By undermining the doctrine of separation of powers, the mandate of parliament this leaves Uganda with rather a picture of a parliamentary house that is only used to blind fold the people into a huge abyss rather than a true Parliament.

With the above analysis, one wonders what is the purpose of the heavily loaded Ugandan parliament . The first parliament after independence had about 92 legislators and ever since then, the numbers have grown so largely and this seems an achievement in the NRM for having created jobs. But what’s the point in creating 500 jobs at the expense of 46 million or so people?.

This is a single achievement ( if it can be called so) but rather a liability with the worst victims being tax payers who face their financial burden. The law makers are entitled to determine their own benefits backed by Article 85(1) of the Constitution that provides:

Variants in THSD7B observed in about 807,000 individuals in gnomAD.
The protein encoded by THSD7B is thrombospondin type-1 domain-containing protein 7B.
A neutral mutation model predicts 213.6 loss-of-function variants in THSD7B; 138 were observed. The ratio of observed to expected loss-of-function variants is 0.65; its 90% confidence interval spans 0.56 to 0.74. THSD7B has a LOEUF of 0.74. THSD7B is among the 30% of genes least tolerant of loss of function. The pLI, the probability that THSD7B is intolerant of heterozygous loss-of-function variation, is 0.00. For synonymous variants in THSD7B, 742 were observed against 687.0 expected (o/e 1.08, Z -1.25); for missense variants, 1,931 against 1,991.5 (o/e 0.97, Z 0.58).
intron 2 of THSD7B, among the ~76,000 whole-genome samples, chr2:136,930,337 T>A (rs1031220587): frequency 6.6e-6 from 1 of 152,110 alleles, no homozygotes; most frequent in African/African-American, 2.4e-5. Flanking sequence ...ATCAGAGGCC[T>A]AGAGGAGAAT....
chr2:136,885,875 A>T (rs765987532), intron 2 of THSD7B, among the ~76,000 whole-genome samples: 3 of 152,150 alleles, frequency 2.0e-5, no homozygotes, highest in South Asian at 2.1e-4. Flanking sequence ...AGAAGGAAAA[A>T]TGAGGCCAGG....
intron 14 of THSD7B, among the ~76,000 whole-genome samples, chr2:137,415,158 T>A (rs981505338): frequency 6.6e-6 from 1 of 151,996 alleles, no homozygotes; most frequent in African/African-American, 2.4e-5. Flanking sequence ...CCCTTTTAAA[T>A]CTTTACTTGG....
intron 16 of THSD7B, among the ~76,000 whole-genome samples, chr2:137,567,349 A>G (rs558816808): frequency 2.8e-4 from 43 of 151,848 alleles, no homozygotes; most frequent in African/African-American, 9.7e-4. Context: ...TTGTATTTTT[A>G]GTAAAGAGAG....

” A Member of Parliament shall be paid such emoluments and such gratuity and shall be provided with such facilities as may be determined by Parliament”

This provision leaves ugandan tax payers helpless at the hands of selfish parliamentarians that had of recent awarded themselves with 20 million Ugandan shillings like the normal trend “man eateth were he worketh.” But the family head doesn’t eat all the food and keep some in his pockets when the rest are dying of hunger.

This symbolism is the exact manifestation of the Parliamentarians sharing money while Ugandans are dying in the COVID-19 crisis and then the head of state interjects only to later on reward his loyals with double the amount and punish the big headed with embarrassment thus hitting two birds with one stone but all under the same house (Parliament).